Cost-Quality Trade-offs in Web Surveys: Finding the Right Balance
1Institute for Employment Research (IAB), Germany; 2University of Mannheim, Germany
Web surveys continue to be a pervasive mode of data collection in the social sciences. Not only are web surveys considered to be cost-effective, they also offer many attractive measurement capabilities that allow for a rich and detailed measures to be collected. However, there is an ongoing debate about whether and when web surveys produce reliable estimates of a given target population, and whether more expensive web survey methods yield more reliable results compared to cheaper ones.
In this talk, I will discuss this debate and highlight empirical examples of cost-quality trade-offs that web surveys face. In addition, I will point to opportunities where mixing cheaper and more expensive web survey methods might lead to improved data quality at a reduced cost.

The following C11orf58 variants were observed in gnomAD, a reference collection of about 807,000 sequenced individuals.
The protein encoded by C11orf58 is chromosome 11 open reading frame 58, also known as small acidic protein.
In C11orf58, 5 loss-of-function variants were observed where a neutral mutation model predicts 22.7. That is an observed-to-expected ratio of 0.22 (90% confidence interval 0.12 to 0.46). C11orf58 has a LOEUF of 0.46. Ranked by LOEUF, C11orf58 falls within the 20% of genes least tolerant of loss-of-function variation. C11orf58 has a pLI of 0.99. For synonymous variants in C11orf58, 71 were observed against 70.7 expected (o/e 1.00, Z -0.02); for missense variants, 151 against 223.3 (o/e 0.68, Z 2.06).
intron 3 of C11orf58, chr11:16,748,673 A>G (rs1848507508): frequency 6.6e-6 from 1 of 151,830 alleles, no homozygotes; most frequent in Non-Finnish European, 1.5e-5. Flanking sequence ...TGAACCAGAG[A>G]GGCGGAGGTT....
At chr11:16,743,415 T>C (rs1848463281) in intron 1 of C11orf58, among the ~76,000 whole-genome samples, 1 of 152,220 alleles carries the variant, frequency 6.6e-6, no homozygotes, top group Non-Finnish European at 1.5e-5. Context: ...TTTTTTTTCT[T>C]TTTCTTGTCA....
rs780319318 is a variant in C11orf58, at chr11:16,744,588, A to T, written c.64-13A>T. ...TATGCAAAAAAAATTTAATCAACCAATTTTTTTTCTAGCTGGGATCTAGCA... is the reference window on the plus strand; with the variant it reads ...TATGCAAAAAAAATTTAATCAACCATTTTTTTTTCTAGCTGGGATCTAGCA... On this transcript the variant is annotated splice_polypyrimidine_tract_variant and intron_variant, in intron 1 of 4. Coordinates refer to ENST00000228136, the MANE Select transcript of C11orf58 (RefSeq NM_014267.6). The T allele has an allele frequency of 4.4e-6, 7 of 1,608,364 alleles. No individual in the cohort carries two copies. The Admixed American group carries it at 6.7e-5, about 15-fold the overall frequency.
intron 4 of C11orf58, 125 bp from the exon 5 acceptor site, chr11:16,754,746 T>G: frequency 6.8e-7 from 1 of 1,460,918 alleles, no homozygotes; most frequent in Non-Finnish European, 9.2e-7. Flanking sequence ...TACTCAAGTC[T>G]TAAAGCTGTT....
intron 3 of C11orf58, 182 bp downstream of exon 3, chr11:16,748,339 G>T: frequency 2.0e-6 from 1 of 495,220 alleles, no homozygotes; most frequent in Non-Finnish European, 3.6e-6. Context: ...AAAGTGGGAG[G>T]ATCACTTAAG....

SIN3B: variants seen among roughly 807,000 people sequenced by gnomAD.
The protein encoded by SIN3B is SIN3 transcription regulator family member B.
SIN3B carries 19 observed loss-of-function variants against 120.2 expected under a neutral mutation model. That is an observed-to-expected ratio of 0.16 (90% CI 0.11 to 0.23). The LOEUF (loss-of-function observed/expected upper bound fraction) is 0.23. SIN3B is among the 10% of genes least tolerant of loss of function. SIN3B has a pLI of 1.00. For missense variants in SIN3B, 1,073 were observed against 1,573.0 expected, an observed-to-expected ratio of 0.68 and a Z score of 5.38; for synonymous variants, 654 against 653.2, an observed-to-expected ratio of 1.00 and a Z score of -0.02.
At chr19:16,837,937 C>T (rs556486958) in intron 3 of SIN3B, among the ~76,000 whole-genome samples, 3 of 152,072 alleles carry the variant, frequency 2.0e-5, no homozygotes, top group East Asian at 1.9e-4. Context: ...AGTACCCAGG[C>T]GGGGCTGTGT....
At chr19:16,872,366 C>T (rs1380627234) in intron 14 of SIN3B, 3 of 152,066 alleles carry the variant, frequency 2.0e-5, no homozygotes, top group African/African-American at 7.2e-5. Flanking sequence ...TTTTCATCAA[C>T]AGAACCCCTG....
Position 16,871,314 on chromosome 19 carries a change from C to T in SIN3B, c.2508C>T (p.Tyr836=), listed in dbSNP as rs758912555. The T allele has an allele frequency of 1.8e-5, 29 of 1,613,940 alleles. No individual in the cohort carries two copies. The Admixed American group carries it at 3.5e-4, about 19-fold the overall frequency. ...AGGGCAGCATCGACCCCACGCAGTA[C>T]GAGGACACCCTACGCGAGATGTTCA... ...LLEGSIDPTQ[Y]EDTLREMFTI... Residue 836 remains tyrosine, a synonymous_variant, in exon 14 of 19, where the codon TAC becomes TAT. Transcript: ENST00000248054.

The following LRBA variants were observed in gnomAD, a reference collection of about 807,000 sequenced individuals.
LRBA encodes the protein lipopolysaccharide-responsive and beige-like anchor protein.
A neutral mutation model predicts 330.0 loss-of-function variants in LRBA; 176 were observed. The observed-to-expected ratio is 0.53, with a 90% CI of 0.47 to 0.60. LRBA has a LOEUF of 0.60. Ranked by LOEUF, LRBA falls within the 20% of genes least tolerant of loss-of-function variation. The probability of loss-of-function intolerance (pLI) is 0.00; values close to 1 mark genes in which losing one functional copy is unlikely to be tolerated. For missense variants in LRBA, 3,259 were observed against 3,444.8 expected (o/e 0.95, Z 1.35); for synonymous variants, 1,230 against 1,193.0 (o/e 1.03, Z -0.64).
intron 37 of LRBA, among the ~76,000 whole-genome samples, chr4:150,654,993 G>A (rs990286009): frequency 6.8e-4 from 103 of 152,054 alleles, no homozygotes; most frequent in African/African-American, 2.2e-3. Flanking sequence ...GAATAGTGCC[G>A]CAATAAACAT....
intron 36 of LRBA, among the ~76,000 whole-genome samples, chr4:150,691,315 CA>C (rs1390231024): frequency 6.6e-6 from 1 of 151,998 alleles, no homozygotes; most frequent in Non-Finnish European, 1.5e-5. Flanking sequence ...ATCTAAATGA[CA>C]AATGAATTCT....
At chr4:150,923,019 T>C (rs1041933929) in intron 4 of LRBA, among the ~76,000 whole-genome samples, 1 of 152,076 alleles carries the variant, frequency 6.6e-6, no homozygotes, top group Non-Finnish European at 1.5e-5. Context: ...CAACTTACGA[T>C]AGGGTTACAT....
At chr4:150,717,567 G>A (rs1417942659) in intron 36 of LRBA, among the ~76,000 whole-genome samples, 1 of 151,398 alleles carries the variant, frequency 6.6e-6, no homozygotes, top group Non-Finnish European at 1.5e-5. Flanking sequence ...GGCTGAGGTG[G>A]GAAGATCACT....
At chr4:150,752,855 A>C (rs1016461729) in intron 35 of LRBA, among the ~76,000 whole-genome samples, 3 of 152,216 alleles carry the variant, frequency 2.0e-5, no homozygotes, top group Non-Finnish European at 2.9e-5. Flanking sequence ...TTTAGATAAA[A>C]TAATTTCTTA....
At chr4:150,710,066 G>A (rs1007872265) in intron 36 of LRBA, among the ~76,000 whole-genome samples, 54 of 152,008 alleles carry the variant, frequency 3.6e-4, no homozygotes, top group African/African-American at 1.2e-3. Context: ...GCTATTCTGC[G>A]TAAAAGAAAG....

Joseph Sakshaug is acting Head of the Statistical Methods Research Department and Head of the Data Collection and Data Integration Unit at the Institute for Employment Research (IAB), and Honorary Full Professor in the School of Social Sciences at the University of Mannheim. Previously, he was Associate Professor (Senior Lecturer) in Social Statistics at the University of Manchester and Assistant Professor (Junior Professor) of Statistics and Social Science Methodology at the University of Mannheim. He received his MS and PhD in Survey Methodology from the University of Michigan and BA in Mathematics from the University of Washington. From 2011-2013 he was an Alexander von Humboldt Postdoctoral Research Fellow at the IAB and Ludwig Maximilians University of Munich Department of Statistics. His research focuses on survey design and analysis, combining multiple data sources, and empirical research methods.